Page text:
Dementia is an “umbrella term” describing a set of symptoms including memory loss and difficulties with thinking, problem-solving or language. It is often the result of brain damage caused by certain diseases, including Alzheimer’s disease. Alzheimer’s dementia is the most common type of dementia, and is a progressive disease which attacks the brain, reducing its size to that of an orange. Whilst crosswords, quizzes and brain games are all useful stimulants, and fun for dementia sufferers to undertake, the arts has a unique place in improving the quality of life for those living with this terrible disease.
Most of my examples in this article stem from my volunteering and holiday job in a care home. Whilst many dementia sufferers do still live in their own homes, cared for by relatives, I can only comment on this delicate subject from my own experiences of arts within the care home environment.
Many care homes employ a music therapist whose role is to play and sing songs (usually from the war, or the home’s residents’ youths), and encourage the residents to join in. They are provided with percussion instruments, and many spend a happy afternoon singing and playing along to their favourite songs, stimulating memories of days gone by, and creating a happy atmosphere all around. As babies benefit from lullabies sung by their mothers, and teenagers benefit from dancing to tunes in nightclubs, dementia sufferers benefit from the soothing melodies of old favourites (such as ‘We’ll Meet Again’), or the light-hearted, upbeat tune of ‘Lambeth Walk’.
”Frustration at having perfectly coherent thoughts in your head, but being unable to make them heard; frustration at not being able to do things for yourself”
Whether you’re good at art or not, it’s fulfilling at any age to let your emotions out with some paints or crayons on a piece of paper. Those with dementia are often filled with different emotions to the rest of us; we all feel love, hate and annoyance, but dementia prompts more keen feelings of emotions like frustration. Frustration at having perfectly coherent thoughts in your head, but being unable to make them heard; frustration at not being able to do things for yourself; frustration at being unable to understand what is being asked of you. Pens and paper are sometimes a far better medium for letting out such a confusion of emotions than humans are. It is not always easy for a dementia sufferer to get out to buy cards, so at Christmas, Easter or birthday times, artistic card-making activities are both fun and productive.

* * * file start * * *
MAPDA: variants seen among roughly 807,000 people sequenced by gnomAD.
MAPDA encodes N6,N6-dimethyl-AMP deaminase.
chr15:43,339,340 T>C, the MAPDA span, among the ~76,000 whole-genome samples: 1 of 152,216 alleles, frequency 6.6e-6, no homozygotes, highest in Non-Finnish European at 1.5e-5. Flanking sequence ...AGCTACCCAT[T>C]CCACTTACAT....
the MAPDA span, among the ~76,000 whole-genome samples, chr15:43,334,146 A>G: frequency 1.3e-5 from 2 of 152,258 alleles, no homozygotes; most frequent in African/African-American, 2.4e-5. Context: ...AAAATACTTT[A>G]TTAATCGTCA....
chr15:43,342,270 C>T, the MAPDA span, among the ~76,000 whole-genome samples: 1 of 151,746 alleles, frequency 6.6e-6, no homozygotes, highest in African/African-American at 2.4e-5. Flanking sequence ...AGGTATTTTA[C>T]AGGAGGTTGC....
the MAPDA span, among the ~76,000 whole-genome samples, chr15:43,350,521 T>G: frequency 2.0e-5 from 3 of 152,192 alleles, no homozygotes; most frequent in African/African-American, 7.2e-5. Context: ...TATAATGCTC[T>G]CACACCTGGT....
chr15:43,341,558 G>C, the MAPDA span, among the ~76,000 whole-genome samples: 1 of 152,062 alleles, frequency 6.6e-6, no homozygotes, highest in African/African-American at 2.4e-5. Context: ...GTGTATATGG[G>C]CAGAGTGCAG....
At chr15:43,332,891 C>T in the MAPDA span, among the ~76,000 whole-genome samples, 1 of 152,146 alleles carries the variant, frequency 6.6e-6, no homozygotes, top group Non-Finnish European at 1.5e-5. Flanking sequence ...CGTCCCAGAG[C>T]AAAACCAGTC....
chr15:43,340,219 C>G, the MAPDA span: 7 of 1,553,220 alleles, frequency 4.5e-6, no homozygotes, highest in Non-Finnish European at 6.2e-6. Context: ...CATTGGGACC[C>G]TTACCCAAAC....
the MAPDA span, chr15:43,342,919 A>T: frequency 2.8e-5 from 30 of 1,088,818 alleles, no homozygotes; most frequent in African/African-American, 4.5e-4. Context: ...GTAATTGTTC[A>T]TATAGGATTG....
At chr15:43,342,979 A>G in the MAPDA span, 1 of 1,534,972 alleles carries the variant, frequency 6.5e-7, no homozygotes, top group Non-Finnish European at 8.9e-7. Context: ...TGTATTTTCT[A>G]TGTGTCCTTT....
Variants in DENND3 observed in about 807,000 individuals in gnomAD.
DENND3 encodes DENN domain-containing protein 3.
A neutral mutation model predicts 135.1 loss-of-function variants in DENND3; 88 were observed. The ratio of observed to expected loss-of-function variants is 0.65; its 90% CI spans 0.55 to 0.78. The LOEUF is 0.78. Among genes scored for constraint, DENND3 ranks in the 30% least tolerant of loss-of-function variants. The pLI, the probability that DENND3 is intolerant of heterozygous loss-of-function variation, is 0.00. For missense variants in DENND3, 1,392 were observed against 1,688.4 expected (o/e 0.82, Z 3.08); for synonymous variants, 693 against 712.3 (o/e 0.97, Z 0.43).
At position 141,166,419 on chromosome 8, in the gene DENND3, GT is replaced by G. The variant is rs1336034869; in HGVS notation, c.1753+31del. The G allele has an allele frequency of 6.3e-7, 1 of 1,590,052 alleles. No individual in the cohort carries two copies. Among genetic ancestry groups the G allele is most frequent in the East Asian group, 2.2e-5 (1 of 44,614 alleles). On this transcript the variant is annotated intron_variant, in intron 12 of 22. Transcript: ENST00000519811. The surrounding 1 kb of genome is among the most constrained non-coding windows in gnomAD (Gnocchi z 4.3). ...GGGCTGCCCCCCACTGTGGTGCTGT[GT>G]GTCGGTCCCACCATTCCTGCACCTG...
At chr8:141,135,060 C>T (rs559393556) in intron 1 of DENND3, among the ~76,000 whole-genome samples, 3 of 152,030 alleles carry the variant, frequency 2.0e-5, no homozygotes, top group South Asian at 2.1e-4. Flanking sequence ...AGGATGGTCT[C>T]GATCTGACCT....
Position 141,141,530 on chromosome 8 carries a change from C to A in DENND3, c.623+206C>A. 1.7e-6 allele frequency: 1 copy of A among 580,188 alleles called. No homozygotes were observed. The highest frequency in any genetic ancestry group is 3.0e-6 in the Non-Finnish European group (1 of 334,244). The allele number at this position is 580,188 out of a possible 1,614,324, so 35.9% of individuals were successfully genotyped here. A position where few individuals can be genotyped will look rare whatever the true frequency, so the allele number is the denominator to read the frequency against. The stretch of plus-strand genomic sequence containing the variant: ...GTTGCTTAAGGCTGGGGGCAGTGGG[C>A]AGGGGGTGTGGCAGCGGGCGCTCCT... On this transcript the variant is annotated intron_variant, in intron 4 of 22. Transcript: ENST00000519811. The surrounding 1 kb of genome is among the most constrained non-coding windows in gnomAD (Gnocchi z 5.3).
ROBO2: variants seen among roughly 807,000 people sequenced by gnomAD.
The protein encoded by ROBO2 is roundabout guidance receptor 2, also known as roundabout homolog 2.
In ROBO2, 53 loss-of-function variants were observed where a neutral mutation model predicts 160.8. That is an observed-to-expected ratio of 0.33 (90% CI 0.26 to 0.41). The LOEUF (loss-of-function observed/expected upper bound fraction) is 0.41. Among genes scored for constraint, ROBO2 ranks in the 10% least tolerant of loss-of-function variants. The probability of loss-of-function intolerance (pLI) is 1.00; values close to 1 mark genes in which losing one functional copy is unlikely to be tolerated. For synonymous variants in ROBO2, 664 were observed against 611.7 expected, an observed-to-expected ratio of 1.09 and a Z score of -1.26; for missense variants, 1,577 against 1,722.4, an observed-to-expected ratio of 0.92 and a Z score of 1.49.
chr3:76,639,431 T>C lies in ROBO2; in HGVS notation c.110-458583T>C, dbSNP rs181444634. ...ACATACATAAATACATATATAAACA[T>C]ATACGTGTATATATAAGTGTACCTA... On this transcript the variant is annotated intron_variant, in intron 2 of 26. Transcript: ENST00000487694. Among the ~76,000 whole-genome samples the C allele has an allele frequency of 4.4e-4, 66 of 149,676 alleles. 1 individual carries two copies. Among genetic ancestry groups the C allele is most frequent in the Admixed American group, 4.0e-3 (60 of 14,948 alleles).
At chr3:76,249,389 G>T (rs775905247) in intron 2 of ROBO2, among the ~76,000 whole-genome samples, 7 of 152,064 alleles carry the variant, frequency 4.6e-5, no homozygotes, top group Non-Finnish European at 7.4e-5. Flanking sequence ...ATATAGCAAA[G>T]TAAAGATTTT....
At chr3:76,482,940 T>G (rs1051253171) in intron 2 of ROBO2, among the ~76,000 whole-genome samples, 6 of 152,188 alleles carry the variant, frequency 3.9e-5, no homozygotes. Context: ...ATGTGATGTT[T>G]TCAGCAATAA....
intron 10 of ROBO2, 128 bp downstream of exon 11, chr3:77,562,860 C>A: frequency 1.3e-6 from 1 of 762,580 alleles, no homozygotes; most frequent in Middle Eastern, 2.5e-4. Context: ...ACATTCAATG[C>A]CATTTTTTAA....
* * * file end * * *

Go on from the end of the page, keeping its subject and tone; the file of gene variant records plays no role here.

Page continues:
”I mean, really, who doesn’t love the chance to get their glad-rags on and embark on a trip out to the theatre?”
The better care homes take their residents to see theatre, ballet or musical productions as a trip away from the everyday building they’re used to. For the less mobile, a pantomime crew tend to come in at Christmas and, occasionally, throughout the year for some more light-hearted performances. I mean, really, who doesn’t love the chance to get their glad-rags on and embark on a trip out to the theatre? It may not be the Royal Albert Hall or the London Coliseum, but most dementia sufferers will appreciate even the local am-dram for a change of scenery and a live performance.
Dementia is an awful disease which makes the lives of its victims and their families unbearable at times. But there are certain things to brighten the days of all involved, and the arts is often one of them.